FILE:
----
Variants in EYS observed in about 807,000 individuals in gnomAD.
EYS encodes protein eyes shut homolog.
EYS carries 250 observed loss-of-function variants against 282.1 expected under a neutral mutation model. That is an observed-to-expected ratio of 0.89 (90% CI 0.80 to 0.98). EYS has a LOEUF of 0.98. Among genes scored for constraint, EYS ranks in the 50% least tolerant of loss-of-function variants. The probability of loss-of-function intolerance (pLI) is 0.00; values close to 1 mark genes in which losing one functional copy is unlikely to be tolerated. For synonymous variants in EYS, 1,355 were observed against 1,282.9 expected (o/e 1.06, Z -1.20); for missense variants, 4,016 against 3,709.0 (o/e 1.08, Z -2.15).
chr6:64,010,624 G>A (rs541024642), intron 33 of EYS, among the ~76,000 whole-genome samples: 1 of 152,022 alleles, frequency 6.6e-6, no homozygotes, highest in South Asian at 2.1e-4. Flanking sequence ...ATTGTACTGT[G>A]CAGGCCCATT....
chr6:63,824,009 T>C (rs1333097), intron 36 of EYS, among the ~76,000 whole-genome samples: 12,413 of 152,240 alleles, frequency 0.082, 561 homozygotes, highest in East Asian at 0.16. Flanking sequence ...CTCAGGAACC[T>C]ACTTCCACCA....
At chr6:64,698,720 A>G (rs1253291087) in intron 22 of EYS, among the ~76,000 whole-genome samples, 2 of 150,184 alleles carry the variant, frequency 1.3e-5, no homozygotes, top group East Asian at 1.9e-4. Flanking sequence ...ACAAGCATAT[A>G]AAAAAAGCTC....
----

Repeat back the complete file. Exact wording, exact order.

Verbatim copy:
Variants in EYS observed in about 807,000 individuals in gnomAD.
EYS encodes protein eyes shut homolog.
EYS carries 250 observed loss-of-function variants against 282.1 expected under a neutral mutation model. That is an observed-to-expected ratio of 0.89 (90% CI 0.80 to 0.98). EYS has a LOEUF of 0.98. Among genes scored for constraint, EYS ranks in the 50% least tolerant of loss-of-function variants. The probability of loss-of-function intolerance (pLI) is 0.00; values close to 1 mark genes in which losing one functional copy is unlikely to be tolerated. For synonymous variants in EYS, 1,355 were observed against 1,282.9 expected (o/e 1.06, Z -1.20); for missense variants, 4,016 against 3,709.0 (o/e 1.08, Z -2.15).
chr6:64,010,624 G>A (rs541024642), intron 33 of EYS, among the ~76,000 whole-genome samples: 1 of 152,022 alleles, frequency 6.6e-6, no homozygotes, highest in South Asian at 2.1e-4. Flanking sequence ...ATTGTACTGT[G>A]CAGGCCCATT....
chr6:63,824,009 T>C (rs1333097), intron 36 of EYS, among the ~76,000 whole-genome samples: 12,413 of 152,240 alleles, frequency 0.082, 561 homozygotes, highest in East Asian at 0.16. Flanking sequence ...CTCAGGAACC[T>C]ACTTCCACCA....
At chr6:64,698,720 A>G (rs1253291087) in intron 22 of EYS, among the ~76,000 whole-genome samples, 2 of 150,184 alleles carry the variant, frequency 1.3e-5, no homozygotes, top group East Asian at 1.9e-4. Flanking sequence ...ACAAGCATAT[A>G]AAAAAAGCTC....